But this Tola, who was of the tribe of Issachar, dwelt “in mount Ephraim” meaning double ash heap: I shall be doubly fruitful.  This unites service and fruitfulness, and reminds us of the transcendent fruitfulness that has sprung from the Lord’s willing service.  It is impossible to number the vast harvest of redeemed souls that will finally result from the sowing of that one Seed in death at Calvary.  It is God’s desire that the same fruitfulness should attend our service.

It is to be noted incidentally that there is no contradiction between the seemingly disparate meanings of Ephraim, for it is only as we cast on the “ash heap” the worthless things of earth that we will be spiritually fruitful.

And the name of the place where he dwelt in Ephraim was Shamir keeping: guarding, the thought of guarding being connected with a thorn hedge.  We should never forget that He Who is the Guardian of our souls, the “Hedge” around us, is He Who became what the thorns represent: sin, see Ge 3:18, as it is written, “For he hath made him who knew no sin, to be sin for us; that we might be made the righteousness of God in him,” 2 Co 5:21.

Relative to thorns as the symbol of sin, there is a deeper significance than is usually perceived in the Lord’s being crowned with thorns prior to His crucifixion.  In removing the thorns from the earth and placing them on Christ’s head, the soldiers were unwittingly indicating the transfer of the curse from the ground to the head of Christ, it being written, “Christ hath redeemed from the curse of the law, being made a curse for us: for it is written, Cursed is everyone that hangeth on a tree,” Gal 3:13.

10:2.  “And he judged Israel twenty and three years, and died, and was buried in Shamir.”

Because he was only a man, he must die, and be buried in Shamir, symbol of the earth bearing the thorns which are the emblem of the curse.  The true Tola was also buried here in “Shamir,” but He arose, Victor over death, His resurrection the assurance that all who die in faith will also have a part in the resurrection of life, He being the Firstfruits of that resurrection.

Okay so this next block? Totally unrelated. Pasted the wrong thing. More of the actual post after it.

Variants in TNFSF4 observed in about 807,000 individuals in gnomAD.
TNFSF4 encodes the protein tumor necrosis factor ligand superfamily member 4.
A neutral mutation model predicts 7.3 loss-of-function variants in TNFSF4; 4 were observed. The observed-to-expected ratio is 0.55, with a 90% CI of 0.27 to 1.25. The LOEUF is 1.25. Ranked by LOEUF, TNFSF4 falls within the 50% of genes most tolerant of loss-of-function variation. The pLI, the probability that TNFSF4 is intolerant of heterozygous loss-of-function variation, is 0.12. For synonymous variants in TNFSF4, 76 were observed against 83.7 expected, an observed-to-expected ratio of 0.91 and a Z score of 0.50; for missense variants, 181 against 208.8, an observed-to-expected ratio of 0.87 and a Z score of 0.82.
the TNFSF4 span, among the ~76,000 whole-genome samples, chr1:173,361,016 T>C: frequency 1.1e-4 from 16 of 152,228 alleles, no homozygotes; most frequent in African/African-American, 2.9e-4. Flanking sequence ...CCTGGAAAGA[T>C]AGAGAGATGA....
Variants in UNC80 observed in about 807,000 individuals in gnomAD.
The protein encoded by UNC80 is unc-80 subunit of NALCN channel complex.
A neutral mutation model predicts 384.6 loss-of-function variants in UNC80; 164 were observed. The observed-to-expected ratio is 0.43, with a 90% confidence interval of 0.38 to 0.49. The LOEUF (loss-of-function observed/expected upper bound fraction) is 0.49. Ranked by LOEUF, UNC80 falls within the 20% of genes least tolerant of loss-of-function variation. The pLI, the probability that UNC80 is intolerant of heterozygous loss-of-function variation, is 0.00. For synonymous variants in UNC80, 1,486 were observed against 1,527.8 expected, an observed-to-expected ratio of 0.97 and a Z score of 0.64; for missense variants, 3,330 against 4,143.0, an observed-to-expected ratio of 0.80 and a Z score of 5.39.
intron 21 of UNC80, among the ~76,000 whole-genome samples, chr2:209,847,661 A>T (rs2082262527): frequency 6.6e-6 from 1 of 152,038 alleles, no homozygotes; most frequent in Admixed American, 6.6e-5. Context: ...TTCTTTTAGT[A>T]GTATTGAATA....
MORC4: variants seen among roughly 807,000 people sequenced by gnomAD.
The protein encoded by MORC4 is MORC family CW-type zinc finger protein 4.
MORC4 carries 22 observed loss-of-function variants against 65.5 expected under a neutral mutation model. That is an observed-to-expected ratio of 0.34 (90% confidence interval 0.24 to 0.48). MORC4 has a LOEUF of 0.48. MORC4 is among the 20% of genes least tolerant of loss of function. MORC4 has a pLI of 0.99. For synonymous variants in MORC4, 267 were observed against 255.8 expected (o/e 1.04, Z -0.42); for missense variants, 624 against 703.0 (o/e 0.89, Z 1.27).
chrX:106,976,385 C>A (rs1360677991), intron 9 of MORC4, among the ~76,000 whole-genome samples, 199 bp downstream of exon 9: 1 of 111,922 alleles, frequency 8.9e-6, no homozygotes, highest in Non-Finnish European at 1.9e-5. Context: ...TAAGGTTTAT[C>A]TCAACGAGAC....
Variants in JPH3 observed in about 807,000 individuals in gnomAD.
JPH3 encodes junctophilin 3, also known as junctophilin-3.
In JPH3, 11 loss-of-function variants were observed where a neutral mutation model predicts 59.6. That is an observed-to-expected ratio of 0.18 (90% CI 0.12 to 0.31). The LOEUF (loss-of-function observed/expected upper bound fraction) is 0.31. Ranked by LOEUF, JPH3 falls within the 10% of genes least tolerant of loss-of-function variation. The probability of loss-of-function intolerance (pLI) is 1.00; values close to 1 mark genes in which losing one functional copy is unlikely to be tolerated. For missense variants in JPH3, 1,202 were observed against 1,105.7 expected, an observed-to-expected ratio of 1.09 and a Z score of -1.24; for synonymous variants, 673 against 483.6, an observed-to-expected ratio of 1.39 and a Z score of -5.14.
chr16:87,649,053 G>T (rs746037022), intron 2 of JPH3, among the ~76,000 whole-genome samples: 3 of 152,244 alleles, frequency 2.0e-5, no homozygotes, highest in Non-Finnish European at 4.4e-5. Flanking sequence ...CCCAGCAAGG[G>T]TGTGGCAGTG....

As with all of the judges, however, Tola is a figure, not only of Christ, but of what every believer should be, and the first lesson to be learned is that if Christ is to be reproduced in us, then we too must be willing to occupy the same place as He, i.e., the place of a “worm.”  “Whosoever will be great among you, let him be your minister: and whosoever will be chief among you, let him be your servant: even as the Son of man came not to be ministered unto, but to minister, and to give his life a ransom for many,” Mt 20:26-28.

There must be also what is represented by Puah.  We must be willing to be “scattered” among men as God’s ambassadors, our lips bringing to men and women the words of life.  And our lives are to be the living demonstration of what is represented by Dodo, i.e., that as God loves us, and has given His Son to redeem our souls, so must we also love men, that love being demonstrated, not in the shallow sentimentality that passes in the world for love, but in a faithful proclamation of the gospel, warning men of their danger, and imploring them to trust in the Lord Jesus Christ as Savior.

We too are to have our eyes on the reward, not on the worthless baubles of earth.  We are to live as did Christ, and as did Paul who declared, “This one thing I do, forgetting those things which are behind, and reaching forth unto those things which are before, I press toward the mark for the prize of the high calling of God in Christ Jesus,” Php 3:13-14.

Even as we dwell here in “Shamir,” a world of sin and death, we are to manifest that we are spiritual Ephraimites, producing fruit for God’s glory, and our own eternal enrichment and honor.

Tola’s death, however, reminds us that we too have but a brief time here on earth.  He is a wise man who lives his life in the consciousness of its brevity and uncertainty, and in the knowledge that “the deeds done in the body” are fraught with eternal consequences.  We will be eternally rich or poor depending on whether we live for Christ or self.


     Scripture portions taken from the Holy Bible, King James Version
© 2000-2005 James Melough